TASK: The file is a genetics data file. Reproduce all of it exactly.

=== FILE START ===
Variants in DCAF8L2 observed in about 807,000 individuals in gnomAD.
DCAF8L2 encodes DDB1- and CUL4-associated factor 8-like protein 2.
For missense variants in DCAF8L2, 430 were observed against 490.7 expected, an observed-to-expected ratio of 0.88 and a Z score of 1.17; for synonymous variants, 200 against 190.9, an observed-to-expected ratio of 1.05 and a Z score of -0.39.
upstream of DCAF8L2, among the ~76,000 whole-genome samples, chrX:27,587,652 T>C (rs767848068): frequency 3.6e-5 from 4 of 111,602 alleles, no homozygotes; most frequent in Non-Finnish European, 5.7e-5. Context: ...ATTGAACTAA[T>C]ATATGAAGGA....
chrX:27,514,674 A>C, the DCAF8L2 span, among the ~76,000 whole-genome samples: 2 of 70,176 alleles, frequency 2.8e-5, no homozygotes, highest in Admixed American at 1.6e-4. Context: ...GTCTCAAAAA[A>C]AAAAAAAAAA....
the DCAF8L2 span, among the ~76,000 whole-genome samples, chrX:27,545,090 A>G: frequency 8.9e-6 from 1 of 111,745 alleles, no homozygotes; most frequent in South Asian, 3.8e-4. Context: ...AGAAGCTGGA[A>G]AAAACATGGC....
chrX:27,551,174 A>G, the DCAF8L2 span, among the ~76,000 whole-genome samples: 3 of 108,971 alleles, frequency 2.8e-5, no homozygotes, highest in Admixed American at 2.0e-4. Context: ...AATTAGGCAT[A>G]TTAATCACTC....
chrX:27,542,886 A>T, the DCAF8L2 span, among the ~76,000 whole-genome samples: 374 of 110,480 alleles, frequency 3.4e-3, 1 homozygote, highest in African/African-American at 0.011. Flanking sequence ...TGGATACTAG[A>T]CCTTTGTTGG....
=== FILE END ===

Variants in DCAF8L2 observed in about 807,000 individuals in gnomAD.
DCAF8L2 encodes DDB1- and CUL4-associated factor 8-like protein 2.
For missense variants in DCAF8L2, 430 were observed against 490.7 expected, an observed-to-expected ratio of 0.88 and a Z score of 1.17; for synonymous variants, 200 against 190.9, an observed-to-expected ratio of 1.05 and a Z score of -0.39.
upstream of DCAF8L2, among the ~76,000 whole-genome samples, chrX:27,587,652 T>C (rs767848068): frequency 3.6e-5 from 4 of 111,602 alleles, no homozygotes; most frequent in Non-Finnish European, 5.7e-5. Context: ...ATTGAACTAA[T>C]ATATGAAGGA....
chrX:27,514,674 A>C, the DCAF8L2 span, among the ~76,000 whole-genome samples: 2 of 70,176 alleles, frequency 2.8e-5, no homozygotes, highest in Admixed American at 1.6e-4. Context: ...GTCTCAAAAA[A>C]AAAAAAAAAA....
the DCAF8L2 span, among the ~76,000 whole-genome samples, chrX:27,545,090 A>G: frequency 8.9e-6 from 1 of 111,745 alleles, no homozygotes; most frequent in South Asian, 3.8e-4. Context: ...AGAAGCTGGA[A>G]AAAACATGGC....
chrX:27,551,174 A>G, the DCAF8L2 span, among the ~76,000 whole-genome samples: 3 of 108,971 alleles, frequency 2.8e-5, no homozygotes, highest in Admixed American at 2.0e-4. Context: ...AATTAGGCAT[A>G]TTAATCACTC....
chrX:27,542,886 A>T, the DCAF8L2 span, among the ~76,000 whole-genome samples: 374 of 110,480 alleles, frequency 3.4e-3, 1 homozygote, highest in African/African-American at 0.011. Flanking sequence ...TGGATACTAG[A>T]CCTTTGTTGG....